Civil war over, Sri Lanka tourism blossoms
|TRINCOMALEE, Sri Lanka (MarketWatch) — Brad Hayes arrived at China Bay, just outside this harbor city on the eastern coast of Sri Lanka, in rare style. |
The 47-year-old Australian chemical engineer was among the few paying passengers on a Sri Lankan Air Force flight from the northern city of Jaffna.
The 45-minute hop was comfortable and generally uneventful, he said, save for the high-caliber bullet hole in the propeller plane’s fuselage right next to his seat.
“At least I had natural air-conditioning,” Hayes quipped.
The military of this island nation has lots of time — not to mention equipment and land — on their hands after the bloody and conclusive defeat of a decades-long insurgency in 2009. So it is turning an eye to civilian endeavors.
In addition to selling domestic seats on its planes, the Air Force runs helicopter sightseeing tours and operates at least one modest seaside resort.
The Navy, meanwhile, will take visitors out on various marine excursions, including whale-watching trips. The Army has a travel agency and control of much prime property, especially in the former war zones.
Newly idled armed forces are just one of the players jostling for a piece of the booming travel and tourism pie as concerns large and small, foreign and domestic, launch or relaunch projects that were on hold during the civil war.
It is certainly an almost ideal time and place for the travel industry. A recent devaluation of the rupee, coupled with a rise in fuel prices and interest rates, could tamp down the torrid pace of GDP growth (estimated at 8% and change last year) and cause some real pain to those on the lower rungs of the economic ladder. But the peace is going to last. The government won the war decisively by killing, capturing or scattering the entire rebel movement.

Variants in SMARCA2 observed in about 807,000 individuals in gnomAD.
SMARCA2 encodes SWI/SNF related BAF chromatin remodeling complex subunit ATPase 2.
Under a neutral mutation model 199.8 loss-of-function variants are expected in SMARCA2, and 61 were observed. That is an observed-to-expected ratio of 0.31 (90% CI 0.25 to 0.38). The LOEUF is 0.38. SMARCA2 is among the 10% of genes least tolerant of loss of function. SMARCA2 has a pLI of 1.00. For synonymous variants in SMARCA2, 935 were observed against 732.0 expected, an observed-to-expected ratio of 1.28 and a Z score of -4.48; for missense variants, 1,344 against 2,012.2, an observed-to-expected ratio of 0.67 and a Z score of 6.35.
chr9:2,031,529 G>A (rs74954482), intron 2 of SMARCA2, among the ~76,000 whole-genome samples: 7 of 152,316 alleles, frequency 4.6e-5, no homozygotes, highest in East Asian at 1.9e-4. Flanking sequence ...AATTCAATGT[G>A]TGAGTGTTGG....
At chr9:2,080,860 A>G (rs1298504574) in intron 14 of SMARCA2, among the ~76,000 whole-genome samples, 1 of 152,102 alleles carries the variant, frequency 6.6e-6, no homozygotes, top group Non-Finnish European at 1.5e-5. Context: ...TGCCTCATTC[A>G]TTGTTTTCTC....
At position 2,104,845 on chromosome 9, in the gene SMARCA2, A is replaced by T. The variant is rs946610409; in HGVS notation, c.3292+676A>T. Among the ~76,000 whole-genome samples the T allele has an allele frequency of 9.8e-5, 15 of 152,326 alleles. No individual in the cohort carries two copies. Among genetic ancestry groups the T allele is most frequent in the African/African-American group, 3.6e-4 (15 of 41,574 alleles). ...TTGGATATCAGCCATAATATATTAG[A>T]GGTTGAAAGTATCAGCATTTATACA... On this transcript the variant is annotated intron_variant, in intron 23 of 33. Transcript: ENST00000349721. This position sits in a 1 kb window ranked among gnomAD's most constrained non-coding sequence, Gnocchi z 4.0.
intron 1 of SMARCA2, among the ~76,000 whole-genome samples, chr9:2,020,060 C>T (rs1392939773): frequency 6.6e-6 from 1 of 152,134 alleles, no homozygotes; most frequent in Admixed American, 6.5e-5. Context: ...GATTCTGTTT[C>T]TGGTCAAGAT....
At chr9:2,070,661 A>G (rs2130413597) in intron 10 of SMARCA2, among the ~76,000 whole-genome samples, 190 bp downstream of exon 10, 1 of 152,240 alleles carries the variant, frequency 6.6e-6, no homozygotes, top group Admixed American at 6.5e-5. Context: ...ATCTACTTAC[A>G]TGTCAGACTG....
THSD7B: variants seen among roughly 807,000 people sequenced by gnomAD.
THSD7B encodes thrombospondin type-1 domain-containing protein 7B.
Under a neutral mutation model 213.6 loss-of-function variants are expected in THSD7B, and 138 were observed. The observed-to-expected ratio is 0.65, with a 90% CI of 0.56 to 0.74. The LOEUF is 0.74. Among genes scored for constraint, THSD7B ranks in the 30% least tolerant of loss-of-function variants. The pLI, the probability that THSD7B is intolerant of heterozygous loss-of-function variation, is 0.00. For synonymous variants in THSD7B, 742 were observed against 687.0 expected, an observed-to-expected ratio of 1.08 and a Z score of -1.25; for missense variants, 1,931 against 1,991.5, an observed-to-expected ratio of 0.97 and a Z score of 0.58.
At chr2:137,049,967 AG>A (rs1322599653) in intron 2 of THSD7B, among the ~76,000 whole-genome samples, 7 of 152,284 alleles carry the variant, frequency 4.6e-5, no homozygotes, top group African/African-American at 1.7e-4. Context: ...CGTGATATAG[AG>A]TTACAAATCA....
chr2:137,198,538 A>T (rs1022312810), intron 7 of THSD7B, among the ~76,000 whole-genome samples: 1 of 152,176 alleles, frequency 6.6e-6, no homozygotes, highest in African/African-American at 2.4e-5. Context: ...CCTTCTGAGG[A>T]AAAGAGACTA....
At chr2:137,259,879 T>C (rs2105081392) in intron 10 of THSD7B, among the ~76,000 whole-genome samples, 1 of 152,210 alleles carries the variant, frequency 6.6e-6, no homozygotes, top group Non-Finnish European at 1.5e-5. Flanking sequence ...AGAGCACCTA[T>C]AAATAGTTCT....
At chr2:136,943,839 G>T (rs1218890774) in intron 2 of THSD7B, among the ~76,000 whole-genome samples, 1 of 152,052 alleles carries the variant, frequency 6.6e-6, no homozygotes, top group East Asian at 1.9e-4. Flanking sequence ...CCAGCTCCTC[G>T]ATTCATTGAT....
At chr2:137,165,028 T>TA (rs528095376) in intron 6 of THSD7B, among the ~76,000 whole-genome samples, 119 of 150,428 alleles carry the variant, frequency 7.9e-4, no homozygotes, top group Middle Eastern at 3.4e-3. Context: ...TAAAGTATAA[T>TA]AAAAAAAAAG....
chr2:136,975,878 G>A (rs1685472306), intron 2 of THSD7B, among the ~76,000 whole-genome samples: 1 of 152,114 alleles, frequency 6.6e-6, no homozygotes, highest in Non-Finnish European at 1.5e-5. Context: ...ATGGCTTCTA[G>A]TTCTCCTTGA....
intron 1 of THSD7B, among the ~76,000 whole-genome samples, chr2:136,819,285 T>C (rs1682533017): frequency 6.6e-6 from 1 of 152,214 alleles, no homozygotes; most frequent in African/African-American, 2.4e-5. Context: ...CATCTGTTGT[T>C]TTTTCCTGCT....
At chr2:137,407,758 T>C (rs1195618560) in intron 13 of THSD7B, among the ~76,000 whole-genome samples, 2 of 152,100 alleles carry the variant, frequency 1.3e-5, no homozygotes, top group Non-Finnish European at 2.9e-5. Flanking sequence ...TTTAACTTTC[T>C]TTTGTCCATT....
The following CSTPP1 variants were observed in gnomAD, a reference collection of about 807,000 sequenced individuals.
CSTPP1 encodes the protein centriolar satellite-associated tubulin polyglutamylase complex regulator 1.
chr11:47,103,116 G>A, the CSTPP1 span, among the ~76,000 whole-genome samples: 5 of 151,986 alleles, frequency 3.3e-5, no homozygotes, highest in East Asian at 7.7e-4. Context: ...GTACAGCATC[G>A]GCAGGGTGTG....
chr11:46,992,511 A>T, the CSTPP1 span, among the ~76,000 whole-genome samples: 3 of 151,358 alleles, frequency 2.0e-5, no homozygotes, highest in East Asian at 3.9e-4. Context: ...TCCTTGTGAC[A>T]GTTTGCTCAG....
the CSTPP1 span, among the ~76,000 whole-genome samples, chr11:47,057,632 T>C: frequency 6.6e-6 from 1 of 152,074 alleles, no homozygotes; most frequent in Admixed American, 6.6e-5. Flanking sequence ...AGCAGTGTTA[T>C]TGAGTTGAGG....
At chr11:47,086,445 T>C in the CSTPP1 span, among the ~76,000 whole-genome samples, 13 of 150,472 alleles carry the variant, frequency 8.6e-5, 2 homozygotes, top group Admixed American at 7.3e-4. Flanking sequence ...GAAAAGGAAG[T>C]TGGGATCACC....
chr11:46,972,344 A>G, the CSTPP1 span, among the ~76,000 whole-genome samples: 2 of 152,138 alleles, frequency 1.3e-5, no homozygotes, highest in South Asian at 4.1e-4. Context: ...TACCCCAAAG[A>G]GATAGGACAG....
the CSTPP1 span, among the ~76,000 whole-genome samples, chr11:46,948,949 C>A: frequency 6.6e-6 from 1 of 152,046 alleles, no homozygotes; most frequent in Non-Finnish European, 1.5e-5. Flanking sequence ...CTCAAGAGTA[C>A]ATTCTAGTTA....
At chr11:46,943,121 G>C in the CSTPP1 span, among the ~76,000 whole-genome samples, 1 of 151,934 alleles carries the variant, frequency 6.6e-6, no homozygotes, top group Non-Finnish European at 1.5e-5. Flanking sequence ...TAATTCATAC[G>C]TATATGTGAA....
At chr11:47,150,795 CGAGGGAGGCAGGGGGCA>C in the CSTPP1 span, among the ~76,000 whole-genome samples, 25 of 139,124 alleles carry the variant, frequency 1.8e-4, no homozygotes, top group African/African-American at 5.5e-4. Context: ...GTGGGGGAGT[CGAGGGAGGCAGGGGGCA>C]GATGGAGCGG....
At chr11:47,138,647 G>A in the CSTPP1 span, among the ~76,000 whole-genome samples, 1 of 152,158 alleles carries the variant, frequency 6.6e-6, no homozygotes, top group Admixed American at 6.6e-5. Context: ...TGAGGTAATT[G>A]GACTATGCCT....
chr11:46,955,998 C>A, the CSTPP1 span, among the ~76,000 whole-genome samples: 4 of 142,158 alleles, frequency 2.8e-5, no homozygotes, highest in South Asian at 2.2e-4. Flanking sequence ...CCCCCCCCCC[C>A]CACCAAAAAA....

And it has yet to demobilize the wartime build-up, ensuring that tens of thousands of soldiers with weapons and training are not going to end up on the streets.
Sri Lanka is also remarkably secure from a personal-safety standpoint, with little violent crime and almost none of it directed at foreigners. The most dangerous thing a foreigner can do these days is get in a car or cross the street: With some exceptions, like the new expressway from the capital of Colombo to the southern port of Galle, driving in Sri Lanka is pretty much an endless succession of near-misses.
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source - www.marketwatch.com